Wild Bill Hickok (1938)

Genres - Western  |   Sub-Genres - Traditional Western  |   Countries - United States  |  
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Synopsis by Hans J. Wollstein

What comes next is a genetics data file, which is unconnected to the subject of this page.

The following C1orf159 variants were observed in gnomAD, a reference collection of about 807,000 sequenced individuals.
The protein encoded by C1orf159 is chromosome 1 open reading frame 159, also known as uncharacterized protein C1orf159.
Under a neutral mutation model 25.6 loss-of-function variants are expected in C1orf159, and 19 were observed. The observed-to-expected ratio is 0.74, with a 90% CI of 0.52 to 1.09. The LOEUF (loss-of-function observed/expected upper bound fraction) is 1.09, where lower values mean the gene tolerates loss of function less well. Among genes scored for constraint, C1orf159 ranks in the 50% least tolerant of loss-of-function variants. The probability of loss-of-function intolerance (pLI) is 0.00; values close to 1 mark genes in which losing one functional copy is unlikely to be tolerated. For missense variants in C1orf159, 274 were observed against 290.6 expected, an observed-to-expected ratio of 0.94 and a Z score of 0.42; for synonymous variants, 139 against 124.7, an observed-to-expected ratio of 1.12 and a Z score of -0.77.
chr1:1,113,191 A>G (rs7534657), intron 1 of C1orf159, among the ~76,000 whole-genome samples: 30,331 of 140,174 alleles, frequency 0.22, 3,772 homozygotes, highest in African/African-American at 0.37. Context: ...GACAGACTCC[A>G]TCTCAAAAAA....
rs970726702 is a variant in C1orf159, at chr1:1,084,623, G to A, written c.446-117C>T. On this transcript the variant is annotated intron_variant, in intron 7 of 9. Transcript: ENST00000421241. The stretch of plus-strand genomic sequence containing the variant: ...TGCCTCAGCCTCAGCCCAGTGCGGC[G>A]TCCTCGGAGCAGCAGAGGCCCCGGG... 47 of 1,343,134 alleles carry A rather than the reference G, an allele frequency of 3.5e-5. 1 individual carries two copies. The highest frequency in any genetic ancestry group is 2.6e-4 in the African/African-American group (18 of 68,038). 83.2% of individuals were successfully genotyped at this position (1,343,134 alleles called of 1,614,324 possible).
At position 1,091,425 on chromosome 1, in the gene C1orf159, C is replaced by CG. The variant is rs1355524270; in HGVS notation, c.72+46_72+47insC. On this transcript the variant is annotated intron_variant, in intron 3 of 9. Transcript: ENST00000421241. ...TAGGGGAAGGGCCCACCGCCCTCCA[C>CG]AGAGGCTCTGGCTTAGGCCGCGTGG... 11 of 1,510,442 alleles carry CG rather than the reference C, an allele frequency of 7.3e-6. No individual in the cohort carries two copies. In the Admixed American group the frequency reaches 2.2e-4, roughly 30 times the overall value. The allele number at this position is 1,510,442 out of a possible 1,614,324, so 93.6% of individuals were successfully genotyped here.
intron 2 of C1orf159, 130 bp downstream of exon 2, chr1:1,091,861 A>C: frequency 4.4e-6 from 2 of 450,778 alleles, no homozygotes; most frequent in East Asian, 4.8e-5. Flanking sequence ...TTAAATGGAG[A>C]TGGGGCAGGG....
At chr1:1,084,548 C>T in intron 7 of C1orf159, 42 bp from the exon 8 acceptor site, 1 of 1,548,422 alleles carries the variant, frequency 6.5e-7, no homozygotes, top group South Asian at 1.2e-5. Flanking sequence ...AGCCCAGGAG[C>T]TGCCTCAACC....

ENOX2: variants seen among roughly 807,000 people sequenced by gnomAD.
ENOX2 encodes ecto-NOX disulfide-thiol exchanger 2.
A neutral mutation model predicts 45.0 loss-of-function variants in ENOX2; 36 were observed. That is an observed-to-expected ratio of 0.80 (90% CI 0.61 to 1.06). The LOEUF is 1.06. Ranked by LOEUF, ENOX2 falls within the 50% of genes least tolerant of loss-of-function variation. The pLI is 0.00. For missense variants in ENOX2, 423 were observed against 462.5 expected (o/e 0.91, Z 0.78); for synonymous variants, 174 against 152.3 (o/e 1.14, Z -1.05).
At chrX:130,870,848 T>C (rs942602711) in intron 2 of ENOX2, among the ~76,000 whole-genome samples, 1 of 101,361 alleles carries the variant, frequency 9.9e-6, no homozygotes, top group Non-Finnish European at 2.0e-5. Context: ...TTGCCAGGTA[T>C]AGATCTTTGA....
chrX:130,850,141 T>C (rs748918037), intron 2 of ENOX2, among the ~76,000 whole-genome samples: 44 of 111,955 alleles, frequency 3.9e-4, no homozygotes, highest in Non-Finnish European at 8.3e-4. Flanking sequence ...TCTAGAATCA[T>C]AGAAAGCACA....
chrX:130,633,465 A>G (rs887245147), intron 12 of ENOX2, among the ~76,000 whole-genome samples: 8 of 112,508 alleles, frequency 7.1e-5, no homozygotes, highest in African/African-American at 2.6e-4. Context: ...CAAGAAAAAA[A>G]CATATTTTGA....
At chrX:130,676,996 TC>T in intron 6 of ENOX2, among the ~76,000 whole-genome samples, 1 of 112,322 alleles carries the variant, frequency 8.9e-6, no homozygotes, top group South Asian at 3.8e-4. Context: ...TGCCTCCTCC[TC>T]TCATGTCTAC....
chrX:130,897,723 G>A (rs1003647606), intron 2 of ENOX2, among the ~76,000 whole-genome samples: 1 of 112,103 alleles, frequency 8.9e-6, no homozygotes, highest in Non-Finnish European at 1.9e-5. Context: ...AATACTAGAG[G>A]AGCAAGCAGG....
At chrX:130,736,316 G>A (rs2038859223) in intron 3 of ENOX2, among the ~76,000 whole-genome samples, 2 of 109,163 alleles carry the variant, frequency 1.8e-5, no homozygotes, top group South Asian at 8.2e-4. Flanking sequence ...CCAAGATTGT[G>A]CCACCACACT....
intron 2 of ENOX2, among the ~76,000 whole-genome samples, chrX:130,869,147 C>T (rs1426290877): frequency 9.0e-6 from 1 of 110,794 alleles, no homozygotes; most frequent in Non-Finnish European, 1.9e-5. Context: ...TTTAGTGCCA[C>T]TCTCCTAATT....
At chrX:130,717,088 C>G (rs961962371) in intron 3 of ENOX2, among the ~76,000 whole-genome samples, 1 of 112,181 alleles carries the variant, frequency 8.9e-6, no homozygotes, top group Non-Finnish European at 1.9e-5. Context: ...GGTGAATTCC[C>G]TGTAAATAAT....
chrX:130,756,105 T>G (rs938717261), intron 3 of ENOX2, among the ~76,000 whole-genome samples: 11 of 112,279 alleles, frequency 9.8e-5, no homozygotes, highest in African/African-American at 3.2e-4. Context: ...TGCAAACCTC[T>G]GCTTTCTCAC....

Co-directed by former supporting player Mack V. Wright and Sam Nelson, The Great Adventures of Wild Bill Hickok is considered by connoisseurs of the genre the best serial Columbia Pictures ever made. The star, former supporting actor Gordon Elliott (born Nance) changed his first name to Bill for the occasion and emerged a full-fledged star. He later went all the way and became known as William "Wild Bill" Elliott, hero of first-rate Republic Westerns and for years a top sagebrush moneymaker. Robert J. Fiske played Wild Bill's adversary, Morrell, a nasty character who leads his Phantom Raiders in attacks on both the old Chisholm Trail and the encroaching railroad. Wild Bill Hickok is appointed U.S. marshal and assigned to ensure safe passage for both cattle and the railroad. Columbia screenwriters George Rosener, Charles A. Powell, G.A. Durlam, Tom Gibson, and Dallas Fitzgerald made sure that there was something for everyone in this serial, including a shapely heroine (Carole Wayne) to please the adults in the audience and no less than three juvenile actors -- Frankie Darro, Sammy McKim, and Dickie Jones -- for the small fry to root for. Roscoe Ates, he of the bobbing Adam's apple, and veteran slapstick comic Monte Collins provided laughs, and producer Jack Fier rounded up a fine supporting cast that included such veterans as Monte Blue, Kermit Maynard, Chief Thundercloud, George Cheseboro, Edmund Cobb, Hal Taliaferro, Art Mix, Tom London, and Lew Meehan.